Manuela C.
Manuela C4 years ago

They can choose not to sell it, I guess, but is it right? I don't know... Just because I don't agree with what it says doesn't mean it should not be for sale. But again, I don't know if they "should" do it.

Would selling a book preaching on genital mutilation or domestic violence or rape or anything else of that kind be OK? I do believe in free speech and different perspectives on many issues, but there are some that are not arguable!

Val M.
Val M4 years ago


Timothy Wood
Timothy W4 years ago

Alan L.
I doubt that Amazon made a decision based on a political view but rather based on how harmful a book like this can be to young people. I think it is worth noting though that it has been questioned whether or not Amazon actually made any decision. I got the impression that it may not have been Amazon but rather the publisher. Either way, it is not Book Banning. The Book is not just a point of view it advocate abusive treatment of children.

Alan Lambert
Alan Lambert4 years ago

Amazon can, as a business, carry or not carry any book for any reason. Since they have a policy of wanting to carry everything, regardless of political angle, they should, but it's their call. Period.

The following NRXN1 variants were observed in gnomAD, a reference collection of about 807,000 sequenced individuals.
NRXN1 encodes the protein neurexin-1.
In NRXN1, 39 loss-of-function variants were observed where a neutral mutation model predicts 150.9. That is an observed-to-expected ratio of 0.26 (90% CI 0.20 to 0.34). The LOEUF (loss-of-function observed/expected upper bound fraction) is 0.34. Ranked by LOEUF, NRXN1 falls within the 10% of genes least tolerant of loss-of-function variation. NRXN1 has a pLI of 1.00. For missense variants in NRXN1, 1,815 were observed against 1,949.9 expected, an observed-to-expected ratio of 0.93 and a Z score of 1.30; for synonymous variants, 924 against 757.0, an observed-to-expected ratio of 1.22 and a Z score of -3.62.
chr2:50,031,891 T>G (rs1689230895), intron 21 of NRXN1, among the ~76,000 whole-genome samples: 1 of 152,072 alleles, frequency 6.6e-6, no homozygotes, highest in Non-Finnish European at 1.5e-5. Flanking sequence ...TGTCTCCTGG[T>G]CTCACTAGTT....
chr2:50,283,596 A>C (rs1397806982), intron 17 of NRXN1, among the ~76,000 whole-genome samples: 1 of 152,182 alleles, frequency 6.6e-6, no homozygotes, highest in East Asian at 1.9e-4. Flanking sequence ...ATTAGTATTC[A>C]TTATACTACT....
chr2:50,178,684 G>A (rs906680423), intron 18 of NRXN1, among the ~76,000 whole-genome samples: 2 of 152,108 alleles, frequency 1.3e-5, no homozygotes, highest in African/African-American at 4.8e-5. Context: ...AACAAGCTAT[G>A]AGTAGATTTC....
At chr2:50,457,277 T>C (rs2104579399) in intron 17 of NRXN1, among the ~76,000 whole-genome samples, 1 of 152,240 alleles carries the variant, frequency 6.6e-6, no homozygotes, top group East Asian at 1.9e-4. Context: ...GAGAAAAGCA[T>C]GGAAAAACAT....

Timothy Wood
Timothy W4 years ago

Julie W.
I guess I wasn't clear in my question. In the area I live in Missouri. A Christian Bookstore does not mean that it is a store that only sells books on Christianity. It means that it is a Book Store that is run by Christians who claim to only sell books that fit into their Christian ideals.

I don't believe that any book should be banned, I just believe that a business should be allowed to make what they believe are responsible decisions based on if content might be harmful...especially to young people. If they sell the book, who is going to help the kids that are harmed by the sale of the book.

Lauren Berrizbeitia

Second thought: banning a book os not the same as deciding not to carry it. Bookstores of all sorts and publishers get to choose the books they want to sell or publish. Banning is something else!

Lauren Berrizbeitia

Amazon shouldn't ban books, period! Freedom of speech cuts both ways, but we get to say and write whatever we want about these hateful books. Speak up!